by Sharon Teal-Coray
All artists need to have an understanding of what “Form” is. If we don’t understand this concept all our paintings will look flat.
The difference between flat shapes and solid form is the way that the light falls on the object and makes one conscious of the solidity of things.
It is not really possible to actually create three dimensions on a two-dimensional surface, however you can achieve an equivalent through the use of proper values.
Everything we paint has form. So this lesson will help you see how light creates form on an object.
In order to create a feeling of an object having form and weight there are a few rules that you need to follow.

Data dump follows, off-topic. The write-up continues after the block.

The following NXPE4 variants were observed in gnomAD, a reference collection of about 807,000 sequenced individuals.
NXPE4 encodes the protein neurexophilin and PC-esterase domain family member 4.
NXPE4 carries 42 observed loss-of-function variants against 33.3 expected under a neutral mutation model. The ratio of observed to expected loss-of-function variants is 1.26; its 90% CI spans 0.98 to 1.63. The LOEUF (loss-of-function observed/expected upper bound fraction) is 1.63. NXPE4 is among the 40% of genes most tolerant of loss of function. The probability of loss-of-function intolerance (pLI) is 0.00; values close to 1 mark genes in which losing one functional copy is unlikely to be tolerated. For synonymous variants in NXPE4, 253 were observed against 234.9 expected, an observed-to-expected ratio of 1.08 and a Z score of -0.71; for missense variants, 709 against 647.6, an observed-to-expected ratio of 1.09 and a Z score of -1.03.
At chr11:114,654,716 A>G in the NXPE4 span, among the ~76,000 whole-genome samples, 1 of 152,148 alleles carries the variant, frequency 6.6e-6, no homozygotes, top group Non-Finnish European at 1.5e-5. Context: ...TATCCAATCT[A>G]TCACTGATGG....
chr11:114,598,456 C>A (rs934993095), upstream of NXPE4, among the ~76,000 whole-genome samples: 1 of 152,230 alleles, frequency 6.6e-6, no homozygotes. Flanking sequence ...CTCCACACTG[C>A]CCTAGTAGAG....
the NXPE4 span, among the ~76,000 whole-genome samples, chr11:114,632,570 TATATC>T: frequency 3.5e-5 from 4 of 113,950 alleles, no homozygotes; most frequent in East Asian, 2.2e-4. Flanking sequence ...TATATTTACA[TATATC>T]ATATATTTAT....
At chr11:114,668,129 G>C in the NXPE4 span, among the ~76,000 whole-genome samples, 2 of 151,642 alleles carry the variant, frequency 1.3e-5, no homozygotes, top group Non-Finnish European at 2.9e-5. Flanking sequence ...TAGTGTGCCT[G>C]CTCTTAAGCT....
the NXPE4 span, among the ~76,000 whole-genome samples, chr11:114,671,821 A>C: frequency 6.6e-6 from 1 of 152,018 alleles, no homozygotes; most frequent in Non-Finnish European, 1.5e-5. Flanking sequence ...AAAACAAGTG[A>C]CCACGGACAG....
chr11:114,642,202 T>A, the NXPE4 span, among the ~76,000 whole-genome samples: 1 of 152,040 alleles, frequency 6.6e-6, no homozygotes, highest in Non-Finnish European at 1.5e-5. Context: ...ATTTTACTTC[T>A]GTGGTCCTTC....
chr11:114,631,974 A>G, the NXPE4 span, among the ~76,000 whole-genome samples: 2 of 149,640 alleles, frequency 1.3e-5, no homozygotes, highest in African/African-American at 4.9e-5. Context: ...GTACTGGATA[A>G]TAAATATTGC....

The first thing you need to do is to decide where the light source is coming from.
Every object be it a vase, tree trunk or a face will have the following:
1. Core Shadow (darkest value)
2. Middle Value (middle value)
3. Highlight area (lightest value)
4. Reflected Light (light that is being reflected by another object)
5. Cast shadow (a shadow that the object creates)
To really understand this practice shading a sphere. Do it in pencil and then with paints. Once you have this understanding you can paint anything and make it look dimensional.